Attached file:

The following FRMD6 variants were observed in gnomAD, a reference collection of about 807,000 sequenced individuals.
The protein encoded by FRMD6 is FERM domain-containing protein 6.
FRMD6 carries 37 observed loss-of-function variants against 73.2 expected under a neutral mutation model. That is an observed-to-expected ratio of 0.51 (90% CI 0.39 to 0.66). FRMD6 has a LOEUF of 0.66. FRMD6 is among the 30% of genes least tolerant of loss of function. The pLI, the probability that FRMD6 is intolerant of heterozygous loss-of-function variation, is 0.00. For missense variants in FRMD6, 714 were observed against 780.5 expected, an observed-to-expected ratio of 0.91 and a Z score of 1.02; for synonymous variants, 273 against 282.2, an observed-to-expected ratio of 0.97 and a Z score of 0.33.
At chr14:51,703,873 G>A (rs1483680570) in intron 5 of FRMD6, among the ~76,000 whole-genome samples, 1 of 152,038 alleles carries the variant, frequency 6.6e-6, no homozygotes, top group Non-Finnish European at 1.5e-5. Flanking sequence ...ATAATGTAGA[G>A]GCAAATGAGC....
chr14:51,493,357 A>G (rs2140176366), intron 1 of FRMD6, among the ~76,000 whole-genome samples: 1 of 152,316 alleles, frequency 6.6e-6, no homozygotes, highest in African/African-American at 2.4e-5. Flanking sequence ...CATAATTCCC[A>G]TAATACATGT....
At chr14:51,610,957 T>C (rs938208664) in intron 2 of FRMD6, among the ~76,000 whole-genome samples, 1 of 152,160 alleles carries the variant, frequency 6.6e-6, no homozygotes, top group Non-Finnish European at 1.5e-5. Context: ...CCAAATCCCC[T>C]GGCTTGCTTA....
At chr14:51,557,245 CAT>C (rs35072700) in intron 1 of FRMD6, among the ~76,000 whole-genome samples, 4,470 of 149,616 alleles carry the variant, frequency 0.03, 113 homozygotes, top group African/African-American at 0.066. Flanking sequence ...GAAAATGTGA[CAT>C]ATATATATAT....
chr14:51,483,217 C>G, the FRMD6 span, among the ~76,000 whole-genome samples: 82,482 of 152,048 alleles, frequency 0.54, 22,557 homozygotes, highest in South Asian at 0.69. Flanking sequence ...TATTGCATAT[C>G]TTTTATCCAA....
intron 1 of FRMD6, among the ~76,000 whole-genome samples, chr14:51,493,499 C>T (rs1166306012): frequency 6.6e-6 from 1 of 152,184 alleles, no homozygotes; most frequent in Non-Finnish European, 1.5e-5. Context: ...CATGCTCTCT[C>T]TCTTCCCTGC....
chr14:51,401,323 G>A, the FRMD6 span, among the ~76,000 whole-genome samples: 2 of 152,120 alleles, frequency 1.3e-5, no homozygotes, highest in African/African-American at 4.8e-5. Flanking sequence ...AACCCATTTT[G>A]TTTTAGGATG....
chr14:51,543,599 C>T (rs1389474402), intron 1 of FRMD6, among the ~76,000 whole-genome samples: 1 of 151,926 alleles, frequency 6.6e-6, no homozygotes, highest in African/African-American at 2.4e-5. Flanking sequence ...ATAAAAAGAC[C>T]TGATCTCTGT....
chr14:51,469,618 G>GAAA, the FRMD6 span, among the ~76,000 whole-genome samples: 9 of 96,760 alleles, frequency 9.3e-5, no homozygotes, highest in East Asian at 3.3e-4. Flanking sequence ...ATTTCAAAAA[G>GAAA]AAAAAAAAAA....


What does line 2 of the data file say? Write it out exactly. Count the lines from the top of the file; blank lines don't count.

The protein encoded by FRMD6 is FERM domain-containing protein 6.